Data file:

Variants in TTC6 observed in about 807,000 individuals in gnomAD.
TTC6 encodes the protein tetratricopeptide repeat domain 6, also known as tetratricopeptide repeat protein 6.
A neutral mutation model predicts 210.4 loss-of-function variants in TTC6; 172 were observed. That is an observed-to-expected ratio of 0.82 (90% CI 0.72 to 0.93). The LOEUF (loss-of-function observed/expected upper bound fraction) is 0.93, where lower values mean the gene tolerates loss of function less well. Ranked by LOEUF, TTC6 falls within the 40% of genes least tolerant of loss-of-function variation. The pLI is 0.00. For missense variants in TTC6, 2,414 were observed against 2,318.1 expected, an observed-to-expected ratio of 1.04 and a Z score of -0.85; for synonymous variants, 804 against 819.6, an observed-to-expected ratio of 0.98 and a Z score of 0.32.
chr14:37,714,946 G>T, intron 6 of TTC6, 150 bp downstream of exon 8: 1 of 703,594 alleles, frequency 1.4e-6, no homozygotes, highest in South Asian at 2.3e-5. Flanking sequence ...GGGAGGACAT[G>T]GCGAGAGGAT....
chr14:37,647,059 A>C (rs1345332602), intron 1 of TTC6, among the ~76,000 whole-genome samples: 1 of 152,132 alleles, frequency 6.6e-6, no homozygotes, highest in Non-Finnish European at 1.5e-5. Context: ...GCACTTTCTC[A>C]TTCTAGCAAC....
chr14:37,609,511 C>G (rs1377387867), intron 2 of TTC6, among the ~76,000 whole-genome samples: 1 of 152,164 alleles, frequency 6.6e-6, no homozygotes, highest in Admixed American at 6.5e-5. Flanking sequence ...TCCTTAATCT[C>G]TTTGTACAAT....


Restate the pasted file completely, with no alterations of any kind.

Variants in TTC6 observed in about 807,000 individuals in gnomAD.
TTC6 encodes the protein tetratricopeptide repeat domain 6, also known as tetratricopeptide repeat protein 6.
A neutral mutation model predicts 210.4 loss-of-function variants in TTC6; 172 were observed. That is an observed-to-expected ratio of 0.82 (90% CI 0.72 to 0.93). The LOEUF (loss-of-function observed/expected upper bound fraction) is 0.93, where lower values mean the gene tolerates loss of function less well. Ranked by LOEUF, TTC6 falls within the 40% of genes least tolerant of loss-of-function variation. The pLI is 0.00. For missense variants in TTC6, 2,414 were observed against 2,318.1 expected, an observed-to-expected ratio of 1.04 and a Z score of -0.85; for synonymous variants, 804 against 819.6, an observed-to-expected ratio of 0.98 and a Z score of 0.32.
chr14:37,714,946 G>T, intron 6 of TTC6, 150 bp downstream of exon 8: 1 of 703,594 alleles, frequency 1.4e-6, no homozygotes, highest in South Asian at 2.3e-5. Flanking sequence ...GGGAGGACAT[G>T]GCGAGAGGAT....
chr14:37,647,059 A>C (rs1345332602), intron 1 of TTC6, among the ~76,000 whole-genome samples: 1 of 152,132 alleles, frequency 6.6e-6, no homozygotes, highest in Non-Finnish European at 1.5e-5. Context: ...GCACTTTCTC[A>C]TTCTAGCAAC....
chr14:37,609,511 C>G (rs1377387867), intron 2 of TTC6, among the ~76,000 whole-genome samples: 1 of 152,164 alleles, frequency 6.6e-6, no homozygotes, highest in Admixed American at 6.5e-5. Flanking sequence ...TCCTTAATCT[C>G]TTTGTACAAT....